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Baul music celebrates celestial love, but does this in very earthy terms, as in declarations of love by the Baul for his bosh-tomi or lifemate. Some wear malas [Hindu rosaries] around their necks, some tasbis [Muslim rosaries], and so people say they've got different religions.
With such a liberal interpretation of love, it is only natural that Baul devotional music transcends religion and some of the most famous baul composers, such as Lalon Fokir, criticised the superficiality of religious divisions: Everyone asks: "Lalan, what's your religion in this world? But do you bear the sign of your religion when you come or when you go?
Bauls call the beloved sain (lord), murshid (guide), or guru (preceptor), and it is in his search that they go 'mad'.
There are two classes of Bauls: ascetic Bauls who reject family life and Bauls who live with their families.
It is also suggested that the term derives from the Sanskrit words vatul (mad, devoid of senses) and vyakul (wild, bewildered) which Bauls are often considered.
Like the ba'al who rejects family life and all ties and roams the desert, singing in search of his beloved, the Baul too wanders about searching for his maner manus (the ideal being).
They believe in living the world as a half-sanyasi. Some modern scholars, like Shashibhusan Das Gupta have suggested that it may be derived either from Sanskrit word vatula, which means "enlightened, lashed by the wind to the point of losing one's sanity, god's madcap, detached from the world, and seeker of truth", or from vyakula, which means "restless, agitated" and both of these derivations are consistent with the modern sense of the word, which denotes the inspired people with an ecstatic eagerness for a spiritual life, where a person can realise his union with the eternal beloved – the Moner Manush (the person of the heart).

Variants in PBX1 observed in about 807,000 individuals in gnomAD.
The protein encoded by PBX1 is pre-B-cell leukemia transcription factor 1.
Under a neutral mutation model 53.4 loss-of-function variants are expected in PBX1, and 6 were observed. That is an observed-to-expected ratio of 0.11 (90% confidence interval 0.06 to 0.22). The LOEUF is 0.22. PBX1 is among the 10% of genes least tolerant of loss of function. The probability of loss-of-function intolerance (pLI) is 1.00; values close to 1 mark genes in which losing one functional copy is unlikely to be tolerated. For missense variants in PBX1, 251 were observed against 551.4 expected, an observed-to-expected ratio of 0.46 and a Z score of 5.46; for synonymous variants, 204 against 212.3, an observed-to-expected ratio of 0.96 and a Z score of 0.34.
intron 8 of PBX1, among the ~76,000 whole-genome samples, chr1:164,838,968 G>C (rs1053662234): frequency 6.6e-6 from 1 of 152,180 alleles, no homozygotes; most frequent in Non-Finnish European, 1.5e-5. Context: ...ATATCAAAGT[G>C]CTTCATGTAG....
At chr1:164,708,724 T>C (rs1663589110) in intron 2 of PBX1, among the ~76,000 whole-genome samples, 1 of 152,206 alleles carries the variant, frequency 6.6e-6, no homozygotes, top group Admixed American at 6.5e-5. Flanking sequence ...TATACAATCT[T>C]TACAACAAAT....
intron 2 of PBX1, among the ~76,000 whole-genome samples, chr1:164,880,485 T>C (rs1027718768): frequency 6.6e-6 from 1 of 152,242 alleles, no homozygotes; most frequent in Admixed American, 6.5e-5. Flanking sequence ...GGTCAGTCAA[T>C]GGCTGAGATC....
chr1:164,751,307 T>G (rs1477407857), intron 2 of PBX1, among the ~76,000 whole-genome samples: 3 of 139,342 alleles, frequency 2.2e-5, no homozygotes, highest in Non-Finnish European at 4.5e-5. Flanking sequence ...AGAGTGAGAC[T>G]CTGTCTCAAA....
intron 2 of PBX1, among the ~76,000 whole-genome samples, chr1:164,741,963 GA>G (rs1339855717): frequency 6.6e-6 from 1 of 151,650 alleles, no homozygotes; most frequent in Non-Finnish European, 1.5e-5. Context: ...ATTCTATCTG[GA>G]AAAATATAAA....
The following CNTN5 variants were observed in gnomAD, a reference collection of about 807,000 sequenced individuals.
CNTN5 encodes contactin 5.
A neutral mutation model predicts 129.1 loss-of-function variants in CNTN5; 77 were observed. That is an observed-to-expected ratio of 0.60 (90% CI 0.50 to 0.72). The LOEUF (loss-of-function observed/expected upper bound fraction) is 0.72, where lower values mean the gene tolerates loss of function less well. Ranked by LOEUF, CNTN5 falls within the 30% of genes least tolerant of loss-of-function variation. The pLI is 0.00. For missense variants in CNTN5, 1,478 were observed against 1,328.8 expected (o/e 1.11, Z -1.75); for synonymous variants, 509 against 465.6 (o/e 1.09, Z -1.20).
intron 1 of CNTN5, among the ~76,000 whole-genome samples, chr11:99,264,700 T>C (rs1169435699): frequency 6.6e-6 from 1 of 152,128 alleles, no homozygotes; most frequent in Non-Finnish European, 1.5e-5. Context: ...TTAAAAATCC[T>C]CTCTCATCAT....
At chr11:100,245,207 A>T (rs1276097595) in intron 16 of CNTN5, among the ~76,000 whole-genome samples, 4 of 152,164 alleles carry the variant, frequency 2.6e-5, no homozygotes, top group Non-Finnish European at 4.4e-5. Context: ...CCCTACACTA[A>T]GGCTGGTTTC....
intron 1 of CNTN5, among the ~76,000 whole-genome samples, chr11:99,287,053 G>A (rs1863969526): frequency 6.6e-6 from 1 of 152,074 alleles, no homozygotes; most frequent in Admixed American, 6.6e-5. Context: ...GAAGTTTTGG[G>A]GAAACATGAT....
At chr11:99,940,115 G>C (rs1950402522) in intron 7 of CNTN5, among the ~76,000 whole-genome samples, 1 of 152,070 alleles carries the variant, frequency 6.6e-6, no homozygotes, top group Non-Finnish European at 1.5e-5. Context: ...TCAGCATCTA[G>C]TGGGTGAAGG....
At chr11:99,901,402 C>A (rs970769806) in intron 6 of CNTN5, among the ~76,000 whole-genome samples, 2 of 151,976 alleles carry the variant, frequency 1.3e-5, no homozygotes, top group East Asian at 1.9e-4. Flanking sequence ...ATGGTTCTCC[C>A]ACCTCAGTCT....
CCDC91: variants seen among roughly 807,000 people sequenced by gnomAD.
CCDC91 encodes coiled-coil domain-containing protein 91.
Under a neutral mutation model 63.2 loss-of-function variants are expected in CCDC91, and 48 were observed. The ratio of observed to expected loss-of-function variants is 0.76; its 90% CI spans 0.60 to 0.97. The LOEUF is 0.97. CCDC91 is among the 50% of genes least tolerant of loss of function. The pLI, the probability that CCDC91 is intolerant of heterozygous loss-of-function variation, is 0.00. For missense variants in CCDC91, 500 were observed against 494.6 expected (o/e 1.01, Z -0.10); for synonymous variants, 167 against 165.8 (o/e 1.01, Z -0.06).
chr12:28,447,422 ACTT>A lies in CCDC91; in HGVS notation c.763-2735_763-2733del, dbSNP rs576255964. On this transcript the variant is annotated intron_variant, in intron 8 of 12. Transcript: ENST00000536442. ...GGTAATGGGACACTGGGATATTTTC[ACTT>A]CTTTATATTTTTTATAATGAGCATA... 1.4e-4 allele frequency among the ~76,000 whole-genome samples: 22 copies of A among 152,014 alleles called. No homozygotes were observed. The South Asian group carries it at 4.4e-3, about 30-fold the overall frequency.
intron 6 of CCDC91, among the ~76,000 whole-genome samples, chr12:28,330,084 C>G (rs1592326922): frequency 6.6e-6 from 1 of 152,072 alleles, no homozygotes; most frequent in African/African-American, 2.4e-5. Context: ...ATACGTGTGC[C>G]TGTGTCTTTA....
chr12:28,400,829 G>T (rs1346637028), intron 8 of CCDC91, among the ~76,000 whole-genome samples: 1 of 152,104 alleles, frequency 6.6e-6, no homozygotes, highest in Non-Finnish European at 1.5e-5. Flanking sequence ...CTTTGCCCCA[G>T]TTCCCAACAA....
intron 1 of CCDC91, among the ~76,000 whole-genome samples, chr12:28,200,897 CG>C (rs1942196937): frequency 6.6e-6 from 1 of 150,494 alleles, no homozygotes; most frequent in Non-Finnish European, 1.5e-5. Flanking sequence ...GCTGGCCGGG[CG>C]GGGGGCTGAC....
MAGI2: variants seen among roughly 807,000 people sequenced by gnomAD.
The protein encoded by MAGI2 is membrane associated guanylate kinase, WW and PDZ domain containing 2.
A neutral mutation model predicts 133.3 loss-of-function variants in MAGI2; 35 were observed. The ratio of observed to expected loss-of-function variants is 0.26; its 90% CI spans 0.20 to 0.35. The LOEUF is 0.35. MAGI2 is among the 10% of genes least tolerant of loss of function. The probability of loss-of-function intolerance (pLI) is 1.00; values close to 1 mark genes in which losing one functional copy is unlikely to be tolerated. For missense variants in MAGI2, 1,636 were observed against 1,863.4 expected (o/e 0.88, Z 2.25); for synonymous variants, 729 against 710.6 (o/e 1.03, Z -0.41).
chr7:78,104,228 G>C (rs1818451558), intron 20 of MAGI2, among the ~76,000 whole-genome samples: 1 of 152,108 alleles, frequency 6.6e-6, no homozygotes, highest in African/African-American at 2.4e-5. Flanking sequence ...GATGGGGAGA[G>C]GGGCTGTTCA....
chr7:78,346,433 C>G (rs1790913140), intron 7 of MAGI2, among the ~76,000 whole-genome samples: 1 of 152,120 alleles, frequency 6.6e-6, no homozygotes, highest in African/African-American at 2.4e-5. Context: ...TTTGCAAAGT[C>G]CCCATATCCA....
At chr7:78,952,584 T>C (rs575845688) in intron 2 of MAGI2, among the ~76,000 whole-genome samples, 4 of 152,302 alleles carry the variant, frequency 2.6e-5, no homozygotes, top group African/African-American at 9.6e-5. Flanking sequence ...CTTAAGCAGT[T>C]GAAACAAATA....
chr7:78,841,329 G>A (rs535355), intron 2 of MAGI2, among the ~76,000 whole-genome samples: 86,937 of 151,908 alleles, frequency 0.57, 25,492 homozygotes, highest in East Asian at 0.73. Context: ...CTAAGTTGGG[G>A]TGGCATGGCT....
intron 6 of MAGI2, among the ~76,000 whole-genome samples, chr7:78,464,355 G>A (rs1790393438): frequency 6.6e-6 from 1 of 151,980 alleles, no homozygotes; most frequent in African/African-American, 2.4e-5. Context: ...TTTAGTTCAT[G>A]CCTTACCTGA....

The origin of Bauls is not known exactly, but the word "Baul" has appeared in Bengali texts as old as the 15th century.amar praner manush achhe prane tai here taye shokol khane Achhe she noyōn-taray, alōk-dharay, tai na haraye-- ogo tai dekhi taye Jethay shethay taka-i ami je dik-pane The man of my heart dwells inside me. In my every sight, in the sparkle of light Oh, I can never lose him-- Here, there and everywhere, Wherever I turn, he is right there!from outsiders, as they might be thought to be repulsive or hedonistic.Bauls constitute both a syncretic religious sect and a musical tradition.Bauls are a very heterogeneous group, with many sects, but their membership mainly consists of Vaishnava Hindus and Sufi Muslims.Although Bauls comprise only a small fraction of the Bengali population, their influence on the culture of Bengal is considerable.